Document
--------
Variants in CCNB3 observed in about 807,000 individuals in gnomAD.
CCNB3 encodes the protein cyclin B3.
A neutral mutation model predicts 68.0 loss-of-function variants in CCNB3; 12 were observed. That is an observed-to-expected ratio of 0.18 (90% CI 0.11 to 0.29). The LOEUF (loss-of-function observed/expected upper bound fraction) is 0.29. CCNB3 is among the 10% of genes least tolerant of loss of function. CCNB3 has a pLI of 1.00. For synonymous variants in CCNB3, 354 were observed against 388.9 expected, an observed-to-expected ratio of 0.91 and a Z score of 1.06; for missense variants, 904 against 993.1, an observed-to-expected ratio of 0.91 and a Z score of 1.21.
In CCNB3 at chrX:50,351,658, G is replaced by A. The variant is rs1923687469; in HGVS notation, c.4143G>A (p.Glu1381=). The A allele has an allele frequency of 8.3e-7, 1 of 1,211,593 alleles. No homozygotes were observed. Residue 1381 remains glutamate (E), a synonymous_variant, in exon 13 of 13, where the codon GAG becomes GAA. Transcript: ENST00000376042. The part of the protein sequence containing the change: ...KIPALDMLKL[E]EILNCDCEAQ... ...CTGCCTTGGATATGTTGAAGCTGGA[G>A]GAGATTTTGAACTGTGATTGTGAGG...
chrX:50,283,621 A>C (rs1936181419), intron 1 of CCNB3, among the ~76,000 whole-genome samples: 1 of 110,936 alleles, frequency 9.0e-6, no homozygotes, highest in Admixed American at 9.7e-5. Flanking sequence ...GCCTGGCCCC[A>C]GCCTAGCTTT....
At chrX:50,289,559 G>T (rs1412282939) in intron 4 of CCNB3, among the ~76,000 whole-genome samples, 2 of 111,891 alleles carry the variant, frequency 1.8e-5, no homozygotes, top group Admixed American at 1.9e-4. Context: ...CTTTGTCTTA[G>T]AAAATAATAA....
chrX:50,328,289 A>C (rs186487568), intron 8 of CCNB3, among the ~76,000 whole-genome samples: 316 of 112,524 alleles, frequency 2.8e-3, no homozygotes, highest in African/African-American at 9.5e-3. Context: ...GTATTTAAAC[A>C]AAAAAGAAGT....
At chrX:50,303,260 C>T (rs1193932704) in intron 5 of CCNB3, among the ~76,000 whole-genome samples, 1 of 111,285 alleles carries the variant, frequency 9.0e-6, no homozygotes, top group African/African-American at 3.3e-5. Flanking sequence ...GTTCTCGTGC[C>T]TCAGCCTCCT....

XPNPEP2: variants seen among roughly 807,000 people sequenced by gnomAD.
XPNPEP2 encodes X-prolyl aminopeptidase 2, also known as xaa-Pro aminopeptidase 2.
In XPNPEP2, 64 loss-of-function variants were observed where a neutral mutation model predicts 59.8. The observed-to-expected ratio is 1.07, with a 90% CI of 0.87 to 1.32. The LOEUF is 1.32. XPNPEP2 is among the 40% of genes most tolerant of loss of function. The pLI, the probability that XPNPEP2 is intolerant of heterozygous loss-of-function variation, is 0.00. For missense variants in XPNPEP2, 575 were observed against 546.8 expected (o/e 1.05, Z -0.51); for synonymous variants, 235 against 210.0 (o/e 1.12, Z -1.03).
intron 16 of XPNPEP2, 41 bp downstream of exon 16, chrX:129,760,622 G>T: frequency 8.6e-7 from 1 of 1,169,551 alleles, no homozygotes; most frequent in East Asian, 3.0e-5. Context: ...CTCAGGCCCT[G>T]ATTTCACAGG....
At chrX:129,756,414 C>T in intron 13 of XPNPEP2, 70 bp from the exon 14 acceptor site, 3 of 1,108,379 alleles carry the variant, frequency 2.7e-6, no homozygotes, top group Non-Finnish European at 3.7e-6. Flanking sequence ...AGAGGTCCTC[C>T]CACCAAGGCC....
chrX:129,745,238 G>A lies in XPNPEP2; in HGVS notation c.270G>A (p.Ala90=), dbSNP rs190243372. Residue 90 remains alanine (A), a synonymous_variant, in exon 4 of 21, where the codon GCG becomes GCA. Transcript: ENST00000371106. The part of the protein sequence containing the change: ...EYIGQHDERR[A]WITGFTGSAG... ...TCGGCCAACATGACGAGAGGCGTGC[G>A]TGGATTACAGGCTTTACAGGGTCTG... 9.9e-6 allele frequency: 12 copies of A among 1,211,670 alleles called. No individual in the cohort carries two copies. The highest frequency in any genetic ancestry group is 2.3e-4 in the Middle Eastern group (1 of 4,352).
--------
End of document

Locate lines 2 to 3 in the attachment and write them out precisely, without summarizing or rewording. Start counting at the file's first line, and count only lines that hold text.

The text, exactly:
CCNB3 encodes the protein cyclin B3.
A neutral mutation model predicts 68.0 loss-of-function variants in CCNB3; 12 were observed. That is an observed-to-expected ratio of 0.18 (90% CI 0.11 to 0.29). The LOEUF (loss-of-function observed/expected upper bound fraction) is 0.29. CCNB3 is among the 10% of genes least tolerant of loss of function. CCNB3 has a pLI of 1.00. For synonymous variants in CCNB3, 354 were observed against 388.9 expected, an observed-to-expected ratio of 0.91 and a Z score of 1.06; for missense variants, 904 against 993.1, an observed-to-expected ratio of 0.91 and a Z score of 1.21.